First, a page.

Distraught and hopeless, an eighteen-year-old distance runner, Regan, decides to end her life. And she’ll do it through an unusual new method available only on the dark web. Enter Ülle, a woman with amnesia, who will, inadvertently, make Regan’s wish come true.
Soon Ülle begins to remember her past and the outrageous steps her government took to combat a deadly pandemic of parasitic infections, which have brought her to this new country and to Regan’s house. Meanwhile, Regan might be changing her mind, and she finds herself more and more concerned about keeping both Ülle and herself alive. But the shadowy organization that brought them together wants to keep them both quiet – permanently.
A Suitable Companion for the End of Your Life is a darkly comic dystopian tale that probes our anxieties around boundaries, whether territorial or bodily, and our fraught desire not to die alone.
Read the opening pages here.
Watch a recording of the launch here.
Read Robert's playlist for the novel here.
Read Robert's discussion of the novel's backstory here.
"Showcases a deft hand at pacing, plot and the craft of judicious sentences."
"Gripping from the first page. . . . This is timely, provocative, ethically challenging fiction that asks whether the drive to survive is stronger than the inevitability of death."
"Unpredictable and completely original. . . . A propulsive, rewarding, and thought-provoking read."
"Packs a punch."
"In the right hands, science fiction can turn feelings of alienation into something both gripping and profound. In the dystopian society in Robert McGill’s A Suitable Companion for the End of Your Life, human lives have become undervalued and memory is a variable concept; throw in allusions to pandemics and IKEA-style flat-packed furniture and you’re left with an existentially compelling dystopia."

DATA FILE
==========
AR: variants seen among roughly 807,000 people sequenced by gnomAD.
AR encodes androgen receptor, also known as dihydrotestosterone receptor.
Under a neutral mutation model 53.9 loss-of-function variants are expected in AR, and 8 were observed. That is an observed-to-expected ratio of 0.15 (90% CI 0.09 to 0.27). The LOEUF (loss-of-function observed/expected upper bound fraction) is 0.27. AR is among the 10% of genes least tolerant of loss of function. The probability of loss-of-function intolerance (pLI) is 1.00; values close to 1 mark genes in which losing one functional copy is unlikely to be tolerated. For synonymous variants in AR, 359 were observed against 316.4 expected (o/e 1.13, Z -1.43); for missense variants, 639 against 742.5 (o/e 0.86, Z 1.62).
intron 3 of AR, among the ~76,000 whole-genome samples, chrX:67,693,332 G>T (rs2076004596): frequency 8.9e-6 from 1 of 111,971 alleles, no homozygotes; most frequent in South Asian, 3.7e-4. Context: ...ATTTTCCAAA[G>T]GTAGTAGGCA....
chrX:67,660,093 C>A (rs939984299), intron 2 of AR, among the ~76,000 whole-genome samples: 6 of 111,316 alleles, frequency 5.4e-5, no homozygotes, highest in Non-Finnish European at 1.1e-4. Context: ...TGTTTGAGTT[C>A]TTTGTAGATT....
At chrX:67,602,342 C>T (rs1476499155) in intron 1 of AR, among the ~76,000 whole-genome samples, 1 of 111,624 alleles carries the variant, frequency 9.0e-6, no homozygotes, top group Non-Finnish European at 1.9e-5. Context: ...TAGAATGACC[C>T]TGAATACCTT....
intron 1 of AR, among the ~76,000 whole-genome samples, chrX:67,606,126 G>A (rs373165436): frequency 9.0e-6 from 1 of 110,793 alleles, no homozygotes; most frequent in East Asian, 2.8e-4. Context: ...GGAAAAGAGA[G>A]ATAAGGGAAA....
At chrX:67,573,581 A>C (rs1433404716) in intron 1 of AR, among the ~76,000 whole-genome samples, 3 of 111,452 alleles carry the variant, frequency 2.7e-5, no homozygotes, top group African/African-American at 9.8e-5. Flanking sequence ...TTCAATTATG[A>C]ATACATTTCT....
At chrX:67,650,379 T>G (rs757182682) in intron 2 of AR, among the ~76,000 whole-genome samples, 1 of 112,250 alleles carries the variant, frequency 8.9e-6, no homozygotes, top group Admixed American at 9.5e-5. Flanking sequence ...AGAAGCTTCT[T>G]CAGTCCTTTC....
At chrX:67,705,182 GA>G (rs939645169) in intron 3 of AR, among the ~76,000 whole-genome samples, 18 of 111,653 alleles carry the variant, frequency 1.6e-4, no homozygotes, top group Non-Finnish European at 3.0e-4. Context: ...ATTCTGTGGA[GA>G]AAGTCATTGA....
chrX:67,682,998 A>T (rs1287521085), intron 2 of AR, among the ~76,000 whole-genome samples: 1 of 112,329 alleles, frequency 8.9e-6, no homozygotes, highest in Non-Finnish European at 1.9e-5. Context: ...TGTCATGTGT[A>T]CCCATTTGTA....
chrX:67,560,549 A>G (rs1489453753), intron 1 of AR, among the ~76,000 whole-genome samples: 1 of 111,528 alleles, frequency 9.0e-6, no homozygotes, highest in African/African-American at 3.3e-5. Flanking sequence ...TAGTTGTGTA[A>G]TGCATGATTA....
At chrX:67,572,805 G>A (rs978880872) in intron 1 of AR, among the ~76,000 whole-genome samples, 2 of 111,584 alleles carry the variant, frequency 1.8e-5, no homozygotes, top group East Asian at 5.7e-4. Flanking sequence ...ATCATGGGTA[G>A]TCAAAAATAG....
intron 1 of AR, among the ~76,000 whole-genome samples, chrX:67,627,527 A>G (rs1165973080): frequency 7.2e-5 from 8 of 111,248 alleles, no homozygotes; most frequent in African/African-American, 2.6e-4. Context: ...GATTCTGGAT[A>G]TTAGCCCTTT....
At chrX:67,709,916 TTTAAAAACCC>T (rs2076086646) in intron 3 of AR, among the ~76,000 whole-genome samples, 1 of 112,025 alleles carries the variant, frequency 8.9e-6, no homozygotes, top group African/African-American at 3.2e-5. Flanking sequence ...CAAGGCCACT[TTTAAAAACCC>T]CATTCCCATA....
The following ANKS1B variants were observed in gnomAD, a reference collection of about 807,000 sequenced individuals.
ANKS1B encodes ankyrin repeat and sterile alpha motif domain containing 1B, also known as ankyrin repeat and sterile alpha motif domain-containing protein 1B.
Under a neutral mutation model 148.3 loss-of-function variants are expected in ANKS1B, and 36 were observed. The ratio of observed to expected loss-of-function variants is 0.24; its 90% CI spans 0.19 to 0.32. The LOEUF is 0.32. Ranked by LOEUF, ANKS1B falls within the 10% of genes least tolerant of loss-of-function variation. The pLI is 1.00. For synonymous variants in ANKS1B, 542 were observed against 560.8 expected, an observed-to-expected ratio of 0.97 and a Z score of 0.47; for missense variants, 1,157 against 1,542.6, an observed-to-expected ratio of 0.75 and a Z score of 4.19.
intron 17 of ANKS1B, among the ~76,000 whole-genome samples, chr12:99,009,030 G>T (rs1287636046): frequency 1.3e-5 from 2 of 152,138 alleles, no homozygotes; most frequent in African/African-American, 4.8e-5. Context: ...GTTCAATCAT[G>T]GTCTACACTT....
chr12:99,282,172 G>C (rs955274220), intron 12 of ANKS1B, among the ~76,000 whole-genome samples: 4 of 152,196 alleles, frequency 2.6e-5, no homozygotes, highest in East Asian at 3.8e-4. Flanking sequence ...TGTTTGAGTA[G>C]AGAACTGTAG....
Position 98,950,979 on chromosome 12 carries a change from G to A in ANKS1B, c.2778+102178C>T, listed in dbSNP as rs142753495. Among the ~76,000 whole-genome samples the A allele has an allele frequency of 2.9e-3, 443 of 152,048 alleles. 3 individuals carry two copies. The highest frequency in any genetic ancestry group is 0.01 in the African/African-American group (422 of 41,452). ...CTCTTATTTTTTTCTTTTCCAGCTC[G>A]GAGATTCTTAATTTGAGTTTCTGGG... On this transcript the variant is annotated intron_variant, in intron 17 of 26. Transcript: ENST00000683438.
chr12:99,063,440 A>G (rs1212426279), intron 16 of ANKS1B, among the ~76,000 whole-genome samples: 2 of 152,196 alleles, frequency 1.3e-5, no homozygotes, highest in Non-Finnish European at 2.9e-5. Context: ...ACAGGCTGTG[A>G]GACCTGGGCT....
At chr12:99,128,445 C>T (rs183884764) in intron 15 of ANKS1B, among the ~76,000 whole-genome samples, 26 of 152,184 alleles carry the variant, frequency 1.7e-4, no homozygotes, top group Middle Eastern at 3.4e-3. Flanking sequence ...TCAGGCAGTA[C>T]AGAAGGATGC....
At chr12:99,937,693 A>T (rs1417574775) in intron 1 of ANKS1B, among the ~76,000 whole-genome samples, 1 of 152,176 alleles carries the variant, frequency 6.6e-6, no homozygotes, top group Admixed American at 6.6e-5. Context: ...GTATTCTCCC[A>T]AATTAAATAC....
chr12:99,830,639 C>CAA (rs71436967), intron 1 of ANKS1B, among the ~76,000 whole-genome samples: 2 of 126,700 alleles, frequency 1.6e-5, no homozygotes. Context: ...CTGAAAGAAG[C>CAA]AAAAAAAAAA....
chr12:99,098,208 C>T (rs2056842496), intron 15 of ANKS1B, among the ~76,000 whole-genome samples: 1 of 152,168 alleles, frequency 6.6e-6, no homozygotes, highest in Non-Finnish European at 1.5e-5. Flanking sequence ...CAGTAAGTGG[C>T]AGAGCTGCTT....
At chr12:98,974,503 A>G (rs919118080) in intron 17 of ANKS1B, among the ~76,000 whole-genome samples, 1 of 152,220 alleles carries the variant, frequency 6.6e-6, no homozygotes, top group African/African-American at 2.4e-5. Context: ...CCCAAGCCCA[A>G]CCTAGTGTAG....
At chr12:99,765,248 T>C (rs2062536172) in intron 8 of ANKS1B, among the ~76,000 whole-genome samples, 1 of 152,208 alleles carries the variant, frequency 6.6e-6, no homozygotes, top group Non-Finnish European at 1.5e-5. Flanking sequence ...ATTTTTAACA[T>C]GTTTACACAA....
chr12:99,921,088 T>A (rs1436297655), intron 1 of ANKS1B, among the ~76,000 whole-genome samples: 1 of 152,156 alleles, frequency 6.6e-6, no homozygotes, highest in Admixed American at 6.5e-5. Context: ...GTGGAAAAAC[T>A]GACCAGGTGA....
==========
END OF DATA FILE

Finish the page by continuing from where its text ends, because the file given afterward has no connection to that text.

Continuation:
"Compelling science fiction about empathy and survival."
"As thought-provoking as it is entertaining."
"A sheer delight! It grabbed my attention from the first page and didn’t let go."
"A brisk tumble of Ballardian dystopia, melancholy, and dark but zesty humour. "
"Suspenseful and funny."
"A thoughtful, provocative novel about mental health and the harm inflicted by an unquestioning loyalty to family."
"This is one of those strange little gems that you finish in two or three sittings and never really forget. Opening with apparent surrealism (protagonist Regan ordering an illicit 'flatpacked' human being to keep her company during the final days before her suicide) McGill's novel proceeds outward, fleshing out its strange-yet-familiar world until the premise makes perfect sense. Regan is characterized memorably through McGill's excellent sense for detail. Meanwhile, the story of her new companion unfolds through interstitial chapters, starting long ago in a distant land and drawing ever closer to the book's present. The two threads meet in an ending that doesn't surprise or subvert, but simply stuns with the power of its delivery. "